A real prospect of DNA exonerations? Disclosure after Nunn

By James Saunders,

Solicitor, Saunders Law Limited

Summary: A commentary on R (on the application of Nunn) (Appellant) v Chief Constable of Suffolk Constabulary and another (Respondents). 1


Most US States will commission and pay for DNA testing of relevant crime samples if prisoners credibly continue to protest their innocence of serious crime after appeal has been exhausted. 2 From a few molecules of tissue, DNA profiling now typically gives a billion to one probability as to the origin of a sample, providing a uniquely certain path to truth. The Supreme Court considered in Nunn the disclosure obligations on the Crown after trial and appeal, and how subsequent advances in science should be dealt with by the criminal justice system, so as to properly balance the need for issue finality with the risk of miscarriages of justice.

The certified question of law in Nunn was:

“Whether the disclosure obligations of the Crown following conviction extend beyond a duty to disclose something which may materially cast doubt upon the safety of a conviction, so that the [Chief Constable] was obliged to disclose material sought by the claimant in these proceedings” 3

Kevin Nunn was convicted in 2006 of the murder of a former girlfriend. The evidence against him at trial was strongly challenged and/or circumstantial and the results of scientific examination of crime samples were inconclusive.

Mr Nunn continued to protest his innocence, but his trial had been procedurally fair and there was no fresh evidence, so his appeal was dismissed. He instructed new solicitors, who made a flurry of requests to police for materials and information, and made no secret of their plan to start afresh investigating the case. Many of the requests were unspecific, about matters which were or could have been disclosed by the Crown at trial. They sought to relate Mr Nunn’s case to other well known solved murders with which there were both similarities and differences. Suffolk police

refused access to case materials for use in what they saw as a speculative fishing expedition. The access requested included to exhibits that had probably been in contact with the killer, and might now yield his DNA profile.

Mr Nunn then applied 4 to judicially review Suffolk police’s refusal as being in breach of his rights under domestic common law (and under Articles 5 & 6 of the ECHR), but the Divisional Court held that Mr Nunn had no right of access to the material after appeal had been exhausted and dismissed the application. LCJ Thomas (as he now is) stated the decision might have been different if the Criminal Cases Review Commission (CCRC) did not have powers to obtain such materials and have them tested. 5

Mr Nunn appealed to the Supreme Court, which also received evidence from Justice, Innocence Network UK

(INUK), the Criminal Appeal Lawyers Association, and in 2013 from eminent forensic scientist Rosalyn Hammond, whose team identified the culprits in high profile cold case reviews, such as the killings of Rachel Nickell, Damilola Taylor and Stephen Lawrence, through new DNA profiling science, and evidence collection techniques.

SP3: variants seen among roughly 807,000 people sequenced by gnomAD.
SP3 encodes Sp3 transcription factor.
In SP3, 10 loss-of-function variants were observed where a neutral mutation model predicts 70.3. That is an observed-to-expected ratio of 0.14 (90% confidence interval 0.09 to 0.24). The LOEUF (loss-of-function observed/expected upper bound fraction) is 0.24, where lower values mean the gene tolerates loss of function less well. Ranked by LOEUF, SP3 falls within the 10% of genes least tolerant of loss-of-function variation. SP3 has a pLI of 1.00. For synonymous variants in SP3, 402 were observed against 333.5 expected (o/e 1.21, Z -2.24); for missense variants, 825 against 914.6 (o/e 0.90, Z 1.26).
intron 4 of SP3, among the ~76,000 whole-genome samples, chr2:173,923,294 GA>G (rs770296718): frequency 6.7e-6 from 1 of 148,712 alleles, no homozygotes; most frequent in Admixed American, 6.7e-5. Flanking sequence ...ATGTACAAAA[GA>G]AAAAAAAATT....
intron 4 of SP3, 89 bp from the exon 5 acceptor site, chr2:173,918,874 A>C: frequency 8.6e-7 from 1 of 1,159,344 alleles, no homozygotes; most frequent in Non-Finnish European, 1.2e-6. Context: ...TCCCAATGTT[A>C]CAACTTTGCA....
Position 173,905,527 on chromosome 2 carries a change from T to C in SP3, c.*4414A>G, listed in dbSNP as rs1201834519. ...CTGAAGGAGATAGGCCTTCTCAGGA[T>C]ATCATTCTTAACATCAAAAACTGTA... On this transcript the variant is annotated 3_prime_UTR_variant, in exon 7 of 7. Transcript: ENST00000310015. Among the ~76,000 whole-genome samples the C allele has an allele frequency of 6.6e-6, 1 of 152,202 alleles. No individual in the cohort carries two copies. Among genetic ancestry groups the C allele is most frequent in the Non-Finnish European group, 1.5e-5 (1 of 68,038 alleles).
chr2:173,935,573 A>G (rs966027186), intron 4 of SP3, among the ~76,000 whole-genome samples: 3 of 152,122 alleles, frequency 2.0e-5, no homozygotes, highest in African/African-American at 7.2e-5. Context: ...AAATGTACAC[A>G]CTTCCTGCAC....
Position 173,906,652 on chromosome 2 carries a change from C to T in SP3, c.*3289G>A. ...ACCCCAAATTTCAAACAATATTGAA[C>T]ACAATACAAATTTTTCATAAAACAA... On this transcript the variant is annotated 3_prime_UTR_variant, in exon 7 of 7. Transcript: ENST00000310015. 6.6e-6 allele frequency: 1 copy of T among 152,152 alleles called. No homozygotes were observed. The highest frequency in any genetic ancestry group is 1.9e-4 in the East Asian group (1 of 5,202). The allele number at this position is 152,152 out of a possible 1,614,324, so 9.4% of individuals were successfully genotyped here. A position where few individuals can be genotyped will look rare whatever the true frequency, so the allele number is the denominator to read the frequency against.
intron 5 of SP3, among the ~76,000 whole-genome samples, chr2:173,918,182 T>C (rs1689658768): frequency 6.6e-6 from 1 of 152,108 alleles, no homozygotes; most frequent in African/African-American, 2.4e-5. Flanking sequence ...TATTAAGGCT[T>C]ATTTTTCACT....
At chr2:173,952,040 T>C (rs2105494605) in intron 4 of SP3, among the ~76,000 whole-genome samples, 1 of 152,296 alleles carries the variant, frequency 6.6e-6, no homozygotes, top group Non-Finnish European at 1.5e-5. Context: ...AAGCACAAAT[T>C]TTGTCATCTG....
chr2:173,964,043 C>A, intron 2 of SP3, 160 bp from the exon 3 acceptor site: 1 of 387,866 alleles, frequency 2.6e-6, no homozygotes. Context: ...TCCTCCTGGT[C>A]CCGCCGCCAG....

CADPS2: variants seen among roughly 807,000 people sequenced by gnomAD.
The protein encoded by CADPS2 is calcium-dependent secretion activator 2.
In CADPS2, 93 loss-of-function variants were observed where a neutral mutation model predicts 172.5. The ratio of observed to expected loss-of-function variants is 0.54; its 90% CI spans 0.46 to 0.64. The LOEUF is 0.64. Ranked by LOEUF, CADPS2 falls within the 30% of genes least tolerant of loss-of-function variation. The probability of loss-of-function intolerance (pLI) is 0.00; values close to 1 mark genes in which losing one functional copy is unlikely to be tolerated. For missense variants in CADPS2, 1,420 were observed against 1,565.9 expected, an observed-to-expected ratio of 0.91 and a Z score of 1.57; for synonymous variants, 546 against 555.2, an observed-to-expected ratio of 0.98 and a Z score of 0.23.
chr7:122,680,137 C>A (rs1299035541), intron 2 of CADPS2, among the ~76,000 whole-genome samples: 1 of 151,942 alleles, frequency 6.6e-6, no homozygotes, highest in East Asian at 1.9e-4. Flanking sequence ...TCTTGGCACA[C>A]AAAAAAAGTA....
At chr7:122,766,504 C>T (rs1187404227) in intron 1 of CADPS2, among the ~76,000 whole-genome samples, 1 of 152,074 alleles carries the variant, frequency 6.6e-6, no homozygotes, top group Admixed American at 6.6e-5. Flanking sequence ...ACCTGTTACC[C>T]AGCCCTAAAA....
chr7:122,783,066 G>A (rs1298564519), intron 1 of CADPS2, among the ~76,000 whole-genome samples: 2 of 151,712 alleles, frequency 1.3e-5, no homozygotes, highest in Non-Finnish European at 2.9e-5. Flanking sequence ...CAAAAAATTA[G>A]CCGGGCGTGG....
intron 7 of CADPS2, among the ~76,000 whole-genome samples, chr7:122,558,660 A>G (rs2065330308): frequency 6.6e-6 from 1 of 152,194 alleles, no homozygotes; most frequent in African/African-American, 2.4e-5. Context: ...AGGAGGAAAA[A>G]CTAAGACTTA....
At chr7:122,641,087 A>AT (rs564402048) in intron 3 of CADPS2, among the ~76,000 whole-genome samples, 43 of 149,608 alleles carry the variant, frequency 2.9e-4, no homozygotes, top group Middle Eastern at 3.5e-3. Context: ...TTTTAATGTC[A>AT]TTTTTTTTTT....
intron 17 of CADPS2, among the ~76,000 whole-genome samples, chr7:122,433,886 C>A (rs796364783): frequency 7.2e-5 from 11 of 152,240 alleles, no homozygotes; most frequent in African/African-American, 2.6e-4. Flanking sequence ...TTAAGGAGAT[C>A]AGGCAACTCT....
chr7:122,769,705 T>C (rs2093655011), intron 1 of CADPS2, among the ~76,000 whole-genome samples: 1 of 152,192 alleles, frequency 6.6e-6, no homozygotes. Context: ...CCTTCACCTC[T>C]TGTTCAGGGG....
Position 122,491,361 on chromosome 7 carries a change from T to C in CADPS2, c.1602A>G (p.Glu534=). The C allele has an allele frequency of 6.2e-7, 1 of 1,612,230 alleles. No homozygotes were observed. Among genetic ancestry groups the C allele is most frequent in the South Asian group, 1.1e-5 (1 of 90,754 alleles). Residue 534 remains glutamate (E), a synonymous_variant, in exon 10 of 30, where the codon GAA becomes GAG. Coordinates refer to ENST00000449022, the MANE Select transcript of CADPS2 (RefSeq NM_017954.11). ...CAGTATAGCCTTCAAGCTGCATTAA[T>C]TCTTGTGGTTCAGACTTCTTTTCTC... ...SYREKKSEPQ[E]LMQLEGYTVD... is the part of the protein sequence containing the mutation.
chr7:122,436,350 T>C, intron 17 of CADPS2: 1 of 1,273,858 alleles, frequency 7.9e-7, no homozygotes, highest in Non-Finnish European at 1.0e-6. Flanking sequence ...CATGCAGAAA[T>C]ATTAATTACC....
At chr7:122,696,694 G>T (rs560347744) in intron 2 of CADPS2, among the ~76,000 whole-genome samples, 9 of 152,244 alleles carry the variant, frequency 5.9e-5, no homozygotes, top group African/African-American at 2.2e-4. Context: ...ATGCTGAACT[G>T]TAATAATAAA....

Ms Hammond told of many historic cases where pivotal scientific evidence had been overlooked, and how her team utilised more sensitive and discriminating DNA profiling techniques than were available at the time of Mr Nunn’s trial to identify criminals. Having reviewed the available case papers she was optimistic of such prospects in this case. 6

It was common ground that before and during trial the Crown owes a duty of disclosure of anything capable of undermining the prosecution case or assisting the defence 7 which would include providing access to scientific material. A more limited disclosure obligation arose at the appeal stage under the Attorney General’s disclosure guidelines. The Nunn case however concerned the extent of any continuing duty on the Crown, after exhaustion of appeal.

Lord Hughes gave the court’s unanimous opinion, and in dismissing the appeal, reviewed English, Canadian, New Zealand and US authorities, particularly the 5:4 majority decision of the US Supreme Court in Osborne 8 and found;

“...no basis for saying that the common law ever recognised a duty of disclosure/inspection after conviction which was identical to that prevailing prior to and during the trial, and no case whether in this jurisdiction or any other, has been found to suggest it” 9

“The position of a convicted defendant is different in kind from that of a defendant on trial. The latter is presumed innocent until he is proved guilty, as he may never be.
The former has been proved guilty. He is presumed guilty, not innocent unless and until it is demonstrated.....that his conviction is unsafe. After conviction... there is ...a powerful public interest in finality of proceedings. All concerned including witnesses, complainants, the relatives of the deceased and others, have a legitimate interest in knowing that the legal process is at an end, unless there be (sic) demonstrated to be good reason for re-opening it.” 10